Last edited by VJ; 20th July 2018 at 12:13.
    pixar
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    Super MURCer UtwigMU's Avatar
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    In 2001 I created a board game as a marketing material for some marketing company. Came up with and sold them on idea. The hot girls would deliver board games to their clients (arround 50). It came with packaging, board, instructions, 2 player figurines and die. I found some retired dude who was making plastic stuff for figurines and die who turned on at the time already ancient 386 to print receipt. I still have two samples of that board game.

    IMO go for it but get decent midrange one or find someone with a printer first. The one doc mentioned is 500€ on amazon so sound about right.

    I work in a factory now and while we do have 2 fancy 6-figure CNC lathes we don't have a 3D printer yet. Hope to convince boss to get one once HQ addition is built.

    You can also try wood. Also look into laser cuters, my friend and his gf have one. One of my university mates who creates jewelry is doing it on CNC and also got a 3D printer.
    Last edited by UtwigMU; 20th July 2018 at 14:14.

  5. #5
    Moderator VJ's Avatar
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    The one I'm looking at now is the m3d Crane. From what I read it is not a bad company, and first batches are close to being shipped. The price for the quad in the 3rd shipping batch is $500, I'm expecting some things have to be added to that (taxes, shipping), but it seems a very good price (too good?). No idea what the full sale price will be, but the early batch goes for $649. Specs can be found here:
    https://all3dp.com/1/m3d-crane-quad-...or-3d-printer/

    So it seems like a great price, but on the other hand, it is a rather blind buy. Which I would have to have shipped to Poland while not being able to test it till January (first shipping batch is set for August, so 3rd batch realistically would be October-November. But given the features, I would estimate the price of the printer closer to $800-$1000. So I don't have that much time to decide on it...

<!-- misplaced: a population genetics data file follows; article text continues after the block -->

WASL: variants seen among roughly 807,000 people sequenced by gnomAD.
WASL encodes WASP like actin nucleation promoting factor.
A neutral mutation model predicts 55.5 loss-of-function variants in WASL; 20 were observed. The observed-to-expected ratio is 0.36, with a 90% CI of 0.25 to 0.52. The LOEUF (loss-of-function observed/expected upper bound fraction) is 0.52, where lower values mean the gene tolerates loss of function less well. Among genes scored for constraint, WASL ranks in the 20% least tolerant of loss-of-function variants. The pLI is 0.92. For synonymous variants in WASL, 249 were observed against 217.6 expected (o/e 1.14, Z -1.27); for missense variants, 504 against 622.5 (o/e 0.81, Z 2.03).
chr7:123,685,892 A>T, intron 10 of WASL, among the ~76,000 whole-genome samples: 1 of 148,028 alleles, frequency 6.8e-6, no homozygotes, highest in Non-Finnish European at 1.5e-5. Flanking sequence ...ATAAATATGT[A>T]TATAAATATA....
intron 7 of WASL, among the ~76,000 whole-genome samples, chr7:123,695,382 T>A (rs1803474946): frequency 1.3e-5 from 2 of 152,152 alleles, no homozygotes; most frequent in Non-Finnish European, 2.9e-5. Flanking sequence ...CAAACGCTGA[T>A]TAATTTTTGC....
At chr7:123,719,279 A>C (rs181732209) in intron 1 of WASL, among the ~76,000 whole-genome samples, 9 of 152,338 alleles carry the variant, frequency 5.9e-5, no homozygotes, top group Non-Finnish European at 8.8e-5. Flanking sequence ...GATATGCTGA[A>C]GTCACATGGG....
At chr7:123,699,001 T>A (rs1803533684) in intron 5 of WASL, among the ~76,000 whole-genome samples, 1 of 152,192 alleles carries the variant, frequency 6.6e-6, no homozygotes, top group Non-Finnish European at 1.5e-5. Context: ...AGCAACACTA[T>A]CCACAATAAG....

Some 3D printers have laser engraving or even CNC possibilities, but I'm not too sure about that for my purpose. Laser engraving could be nice, but CNC is just too messy; wood working in general. I would love to position the printer in my apartment, although if necessary I could put it at my girlfriend's parents' house. Still, not sure I'll venture into wood working.
    pixar
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    Moderator Dr Mordrid's Avatar
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    I've been a woodworker for 60 years, starting with my dad's shop in an outbuilding. Today there's a woodshop in the rear of our garage, which has spilled over into a nearby shed (finishing setup.)

    Built all my tool stands, cabinets, main worktable etc. Some portable tool stands are universal; a small drill press, jigsaw, band saw, router table, anvil etc. can be pulled off a shelf and installed in seconds. Swap as required for the job.

    The big stuff is definitely not portable.
    Last edited by Dr Mordrid; 20th July 2018 at 17:03.
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    Moderator VJ's Avatar
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    Quote Originally Posted by UtwigMU View Post
    In 2001 I created a board game as a marketing material for some marketing company. Came up with and sold them on idea. The hot girls would deliver board games to their clients (arround 50). It came with packaging, board, instructions, 2 player figurines and die. I found some retired dude who was making plastic stuff for figurines and die who turned on at the time already ancient 386 to print receipt. I still have two samples of that board game.
    Forgot to comment on this, but that is cool!

    Quote Originally Posted by UtwigMU View Post
    IMO go for it but get decent midrange one or find someone with a printer first. The one doc mentioned is 500€ on amazon so sound about right.

    I work in a factory now and while we do have 2 fancy 6-figure CNC lathes we don't have a 3D printer yet. Hope to convince boss to get one once HQ addition is built.
    The research facility where my girlfriend works has a 3D printer... but one that can print metals (even titanium)... so hardly a comparison with consumer stuff...


    Quote Originally Posted by Dr Mordrid View Post
    The big stuff is definitely not portable.
    Wood working is very nice, but completely out of the question as I live in an apartment. Even at my girlfriend's parents' place it would be difficult to set up shop. There are places in the city where you can go and do woodwork (and use their equipment); a friend of mine attended woodworking classes and learned about them, but I somehow would prefer something to do at home.